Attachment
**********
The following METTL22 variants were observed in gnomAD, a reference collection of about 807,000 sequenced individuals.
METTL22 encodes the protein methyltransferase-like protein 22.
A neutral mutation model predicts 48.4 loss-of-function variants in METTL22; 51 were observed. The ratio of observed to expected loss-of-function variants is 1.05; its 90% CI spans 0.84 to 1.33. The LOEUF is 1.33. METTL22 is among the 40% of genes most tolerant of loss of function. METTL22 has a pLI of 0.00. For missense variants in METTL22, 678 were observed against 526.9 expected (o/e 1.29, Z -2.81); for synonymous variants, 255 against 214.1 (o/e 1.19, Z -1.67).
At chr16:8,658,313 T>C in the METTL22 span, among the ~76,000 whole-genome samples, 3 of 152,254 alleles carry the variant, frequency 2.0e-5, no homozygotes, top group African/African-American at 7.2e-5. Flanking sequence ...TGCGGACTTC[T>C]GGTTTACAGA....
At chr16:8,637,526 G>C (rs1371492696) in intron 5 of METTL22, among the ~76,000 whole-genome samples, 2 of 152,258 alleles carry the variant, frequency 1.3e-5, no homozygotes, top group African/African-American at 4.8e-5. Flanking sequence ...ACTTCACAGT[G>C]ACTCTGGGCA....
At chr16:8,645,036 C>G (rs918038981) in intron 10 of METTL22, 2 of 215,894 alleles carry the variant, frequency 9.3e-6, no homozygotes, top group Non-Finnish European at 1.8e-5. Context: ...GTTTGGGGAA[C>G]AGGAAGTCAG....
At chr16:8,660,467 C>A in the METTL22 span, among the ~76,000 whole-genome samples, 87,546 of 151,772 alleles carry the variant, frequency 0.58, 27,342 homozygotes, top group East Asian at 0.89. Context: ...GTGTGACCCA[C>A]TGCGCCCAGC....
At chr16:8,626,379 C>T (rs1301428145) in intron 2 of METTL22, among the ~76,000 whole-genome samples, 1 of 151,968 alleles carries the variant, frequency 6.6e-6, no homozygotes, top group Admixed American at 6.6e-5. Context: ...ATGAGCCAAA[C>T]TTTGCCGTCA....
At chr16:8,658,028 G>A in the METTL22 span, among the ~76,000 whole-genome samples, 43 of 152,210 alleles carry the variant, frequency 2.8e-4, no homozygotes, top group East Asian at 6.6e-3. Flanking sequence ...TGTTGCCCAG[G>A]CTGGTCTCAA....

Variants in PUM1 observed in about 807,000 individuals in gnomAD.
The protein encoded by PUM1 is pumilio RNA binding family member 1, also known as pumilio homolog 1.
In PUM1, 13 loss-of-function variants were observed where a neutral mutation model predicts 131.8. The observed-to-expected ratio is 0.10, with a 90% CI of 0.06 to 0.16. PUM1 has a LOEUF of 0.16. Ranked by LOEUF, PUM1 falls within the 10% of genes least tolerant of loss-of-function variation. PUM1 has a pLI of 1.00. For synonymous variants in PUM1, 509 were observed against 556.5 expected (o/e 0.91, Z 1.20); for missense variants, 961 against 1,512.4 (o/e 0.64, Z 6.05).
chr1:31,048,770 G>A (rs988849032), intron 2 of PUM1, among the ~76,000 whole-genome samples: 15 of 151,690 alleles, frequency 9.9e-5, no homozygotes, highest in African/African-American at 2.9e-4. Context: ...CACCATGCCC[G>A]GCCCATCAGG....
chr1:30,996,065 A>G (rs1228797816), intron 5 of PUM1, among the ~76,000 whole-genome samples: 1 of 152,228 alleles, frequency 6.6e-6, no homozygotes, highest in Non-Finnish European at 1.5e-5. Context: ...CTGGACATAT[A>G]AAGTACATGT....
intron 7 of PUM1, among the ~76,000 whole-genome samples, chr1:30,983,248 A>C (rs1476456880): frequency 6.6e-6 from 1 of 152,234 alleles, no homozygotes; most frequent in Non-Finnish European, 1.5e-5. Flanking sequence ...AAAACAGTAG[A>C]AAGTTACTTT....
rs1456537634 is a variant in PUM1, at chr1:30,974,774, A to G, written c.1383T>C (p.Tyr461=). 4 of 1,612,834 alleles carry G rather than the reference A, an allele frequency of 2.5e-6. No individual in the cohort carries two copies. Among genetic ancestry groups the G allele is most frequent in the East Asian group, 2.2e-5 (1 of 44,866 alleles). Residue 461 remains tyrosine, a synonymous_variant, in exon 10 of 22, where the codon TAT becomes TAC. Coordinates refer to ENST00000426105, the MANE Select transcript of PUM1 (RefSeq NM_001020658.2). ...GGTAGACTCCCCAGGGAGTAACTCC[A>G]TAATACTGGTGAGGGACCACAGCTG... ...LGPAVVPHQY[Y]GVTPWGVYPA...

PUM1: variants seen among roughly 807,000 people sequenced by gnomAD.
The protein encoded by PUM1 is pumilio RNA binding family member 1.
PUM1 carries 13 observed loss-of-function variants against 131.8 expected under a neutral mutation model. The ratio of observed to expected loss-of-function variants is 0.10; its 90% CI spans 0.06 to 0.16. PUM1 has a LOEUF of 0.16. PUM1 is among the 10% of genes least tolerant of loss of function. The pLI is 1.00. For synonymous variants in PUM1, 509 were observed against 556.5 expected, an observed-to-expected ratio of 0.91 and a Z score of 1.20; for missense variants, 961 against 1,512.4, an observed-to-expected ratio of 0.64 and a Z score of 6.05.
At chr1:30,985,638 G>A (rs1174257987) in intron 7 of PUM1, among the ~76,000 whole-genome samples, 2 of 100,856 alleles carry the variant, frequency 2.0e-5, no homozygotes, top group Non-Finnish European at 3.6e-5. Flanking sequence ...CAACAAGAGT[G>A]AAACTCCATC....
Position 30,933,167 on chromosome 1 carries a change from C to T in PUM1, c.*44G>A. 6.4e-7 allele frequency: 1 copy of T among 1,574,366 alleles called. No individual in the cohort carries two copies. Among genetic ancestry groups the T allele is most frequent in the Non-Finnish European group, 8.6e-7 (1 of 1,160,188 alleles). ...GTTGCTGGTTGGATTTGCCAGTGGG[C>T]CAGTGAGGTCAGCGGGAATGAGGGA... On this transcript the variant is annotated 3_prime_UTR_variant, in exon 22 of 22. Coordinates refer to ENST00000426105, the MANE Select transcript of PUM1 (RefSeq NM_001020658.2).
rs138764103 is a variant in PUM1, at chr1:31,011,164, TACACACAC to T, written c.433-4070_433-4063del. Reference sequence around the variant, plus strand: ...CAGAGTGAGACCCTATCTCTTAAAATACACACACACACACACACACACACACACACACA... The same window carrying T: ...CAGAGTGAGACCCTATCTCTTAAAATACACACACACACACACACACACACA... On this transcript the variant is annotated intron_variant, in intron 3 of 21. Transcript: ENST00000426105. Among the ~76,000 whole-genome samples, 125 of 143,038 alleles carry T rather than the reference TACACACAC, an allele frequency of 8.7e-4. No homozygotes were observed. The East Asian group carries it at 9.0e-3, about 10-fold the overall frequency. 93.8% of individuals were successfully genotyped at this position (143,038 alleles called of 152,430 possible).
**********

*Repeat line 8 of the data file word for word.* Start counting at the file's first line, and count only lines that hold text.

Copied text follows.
At chr16:8,626,379 C>T (rs1301428145) in intron 2 of METTL22, among the ~76,000 whole-genome samples, 1 of 151,968 alleles carries the variant, frequency 6.6e-6, no homozygotes, top group Admixed American at 6.6e-5. Context: ...ATGAGCCAAA[C>T]TTTGCCGTCA....